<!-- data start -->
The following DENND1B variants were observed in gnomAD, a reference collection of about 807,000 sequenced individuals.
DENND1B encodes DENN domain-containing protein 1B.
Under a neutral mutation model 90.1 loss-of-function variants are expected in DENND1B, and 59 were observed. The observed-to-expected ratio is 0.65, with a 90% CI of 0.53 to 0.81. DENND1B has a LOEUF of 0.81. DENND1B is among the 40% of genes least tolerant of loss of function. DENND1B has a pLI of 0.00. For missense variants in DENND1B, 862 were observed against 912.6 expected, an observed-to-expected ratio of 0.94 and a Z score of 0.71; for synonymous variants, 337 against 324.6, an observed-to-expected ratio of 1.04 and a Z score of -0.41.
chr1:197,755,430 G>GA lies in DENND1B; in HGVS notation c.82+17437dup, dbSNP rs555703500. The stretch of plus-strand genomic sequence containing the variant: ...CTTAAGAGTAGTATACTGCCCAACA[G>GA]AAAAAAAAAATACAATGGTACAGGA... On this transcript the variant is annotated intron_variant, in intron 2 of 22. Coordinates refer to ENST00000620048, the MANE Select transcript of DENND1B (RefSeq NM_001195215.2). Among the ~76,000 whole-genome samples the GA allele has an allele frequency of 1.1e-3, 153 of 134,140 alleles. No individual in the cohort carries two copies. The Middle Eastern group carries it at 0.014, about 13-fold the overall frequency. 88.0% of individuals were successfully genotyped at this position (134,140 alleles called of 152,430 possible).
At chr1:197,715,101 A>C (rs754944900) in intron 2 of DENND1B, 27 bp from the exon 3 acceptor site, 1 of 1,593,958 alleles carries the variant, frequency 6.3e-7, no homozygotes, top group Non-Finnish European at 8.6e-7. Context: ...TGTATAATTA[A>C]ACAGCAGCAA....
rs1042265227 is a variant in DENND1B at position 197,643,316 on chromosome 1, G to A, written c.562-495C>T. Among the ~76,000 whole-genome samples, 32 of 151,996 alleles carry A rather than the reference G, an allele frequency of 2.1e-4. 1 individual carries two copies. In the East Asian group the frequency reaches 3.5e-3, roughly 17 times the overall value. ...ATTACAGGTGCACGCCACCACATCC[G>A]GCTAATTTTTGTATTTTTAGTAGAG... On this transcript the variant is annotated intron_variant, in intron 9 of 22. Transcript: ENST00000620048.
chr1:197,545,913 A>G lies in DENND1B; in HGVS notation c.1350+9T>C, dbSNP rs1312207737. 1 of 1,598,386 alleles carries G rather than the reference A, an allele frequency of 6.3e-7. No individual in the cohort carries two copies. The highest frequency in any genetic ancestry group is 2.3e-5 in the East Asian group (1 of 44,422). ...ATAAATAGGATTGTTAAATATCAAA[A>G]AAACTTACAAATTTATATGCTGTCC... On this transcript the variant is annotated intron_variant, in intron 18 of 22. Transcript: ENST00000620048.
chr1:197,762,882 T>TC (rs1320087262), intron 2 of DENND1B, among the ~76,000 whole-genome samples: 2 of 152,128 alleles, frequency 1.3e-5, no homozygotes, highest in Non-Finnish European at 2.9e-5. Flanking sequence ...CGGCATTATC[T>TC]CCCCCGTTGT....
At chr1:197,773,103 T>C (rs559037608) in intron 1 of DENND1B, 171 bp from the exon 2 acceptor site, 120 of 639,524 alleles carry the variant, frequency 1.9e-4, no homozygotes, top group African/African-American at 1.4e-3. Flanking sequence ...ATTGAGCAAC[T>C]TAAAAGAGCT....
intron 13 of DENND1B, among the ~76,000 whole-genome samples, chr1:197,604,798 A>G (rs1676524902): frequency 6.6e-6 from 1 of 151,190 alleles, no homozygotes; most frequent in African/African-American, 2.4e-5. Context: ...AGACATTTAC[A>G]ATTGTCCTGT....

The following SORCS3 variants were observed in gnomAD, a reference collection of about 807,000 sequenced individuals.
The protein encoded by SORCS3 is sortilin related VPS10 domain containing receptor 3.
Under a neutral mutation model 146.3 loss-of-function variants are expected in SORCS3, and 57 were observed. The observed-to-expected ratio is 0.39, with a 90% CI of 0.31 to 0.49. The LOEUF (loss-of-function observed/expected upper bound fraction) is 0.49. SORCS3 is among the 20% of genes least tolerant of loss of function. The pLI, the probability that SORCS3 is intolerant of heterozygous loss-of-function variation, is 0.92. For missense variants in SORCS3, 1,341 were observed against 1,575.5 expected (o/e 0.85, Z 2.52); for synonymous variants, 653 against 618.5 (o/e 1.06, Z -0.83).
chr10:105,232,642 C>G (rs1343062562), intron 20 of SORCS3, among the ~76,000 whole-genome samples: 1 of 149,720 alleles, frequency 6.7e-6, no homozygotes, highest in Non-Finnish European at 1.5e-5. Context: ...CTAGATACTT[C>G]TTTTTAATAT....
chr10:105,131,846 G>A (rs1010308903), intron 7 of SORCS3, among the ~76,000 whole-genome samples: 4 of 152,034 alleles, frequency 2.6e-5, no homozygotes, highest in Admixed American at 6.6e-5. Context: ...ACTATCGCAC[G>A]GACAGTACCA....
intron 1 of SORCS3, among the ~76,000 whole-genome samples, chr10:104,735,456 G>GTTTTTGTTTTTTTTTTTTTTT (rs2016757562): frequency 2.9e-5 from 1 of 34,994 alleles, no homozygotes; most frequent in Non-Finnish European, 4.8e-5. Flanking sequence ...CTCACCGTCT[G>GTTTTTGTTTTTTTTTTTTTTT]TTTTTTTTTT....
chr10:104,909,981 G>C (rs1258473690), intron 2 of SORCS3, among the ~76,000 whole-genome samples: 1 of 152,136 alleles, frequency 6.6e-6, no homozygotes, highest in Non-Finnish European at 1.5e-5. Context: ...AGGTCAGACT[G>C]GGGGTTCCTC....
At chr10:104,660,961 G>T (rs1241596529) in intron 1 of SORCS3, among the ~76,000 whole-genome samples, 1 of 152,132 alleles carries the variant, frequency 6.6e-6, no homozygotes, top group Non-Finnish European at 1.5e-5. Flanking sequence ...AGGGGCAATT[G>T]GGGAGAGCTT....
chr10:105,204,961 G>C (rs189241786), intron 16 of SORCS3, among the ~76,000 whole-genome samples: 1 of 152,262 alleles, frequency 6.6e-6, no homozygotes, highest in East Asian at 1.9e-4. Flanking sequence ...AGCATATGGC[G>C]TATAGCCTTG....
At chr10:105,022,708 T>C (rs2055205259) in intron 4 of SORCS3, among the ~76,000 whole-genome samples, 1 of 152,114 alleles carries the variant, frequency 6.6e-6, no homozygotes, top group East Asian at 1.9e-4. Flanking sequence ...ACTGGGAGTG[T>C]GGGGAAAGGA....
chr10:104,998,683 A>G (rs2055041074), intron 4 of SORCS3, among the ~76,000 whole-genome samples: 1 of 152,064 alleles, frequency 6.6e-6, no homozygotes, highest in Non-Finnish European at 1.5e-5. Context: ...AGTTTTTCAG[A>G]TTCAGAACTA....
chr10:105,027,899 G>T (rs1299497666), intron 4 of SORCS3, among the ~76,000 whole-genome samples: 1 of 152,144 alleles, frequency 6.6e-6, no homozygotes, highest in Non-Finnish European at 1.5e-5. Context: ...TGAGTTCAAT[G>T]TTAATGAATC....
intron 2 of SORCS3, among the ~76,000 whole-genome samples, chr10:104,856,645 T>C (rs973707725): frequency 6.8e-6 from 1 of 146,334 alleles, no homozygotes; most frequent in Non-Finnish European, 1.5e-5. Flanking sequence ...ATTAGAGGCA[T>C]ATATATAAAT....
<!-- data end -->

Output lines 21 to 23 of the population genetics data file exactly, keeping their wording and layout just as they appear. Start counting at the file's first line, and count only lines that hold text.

chr10:104,998,683 A>G (rs2055041074), intron 4 of SORCS3, among the ~76,000 whole-genome samples: 1 of 152,064 alleles, frequency 6.6e-6, no homozygotes, highest in Non-Finnish European at 1.5e-5. Context: ...AGTTTTTCAG[A>G]TTCAGAACTA....
chr10:105,027,899 G>T (rs1299497666), intron 4 of SORCS3, among the ~76,000 whole-genome samples: 1 of 152,144 alleles, frequency 6.6e-6, no homozygotes, highest in Non-Finnish European at 1.5e-5. Context: ...TGAGTTCAAT[G>T]TTAATGAATC....
intron 2 of SORCS3, among the ~76,000 whole-genome samples, chr10:104,856,645 T>C (rs973707725): frequency 6.8e-6 from 1 of 146,334 alleles, no homozygotes; most frequent in Non-Finnish European, 1.5e-5. Flanking sequence ...ATTAGAGGCA[T>C]ATATATAAAT....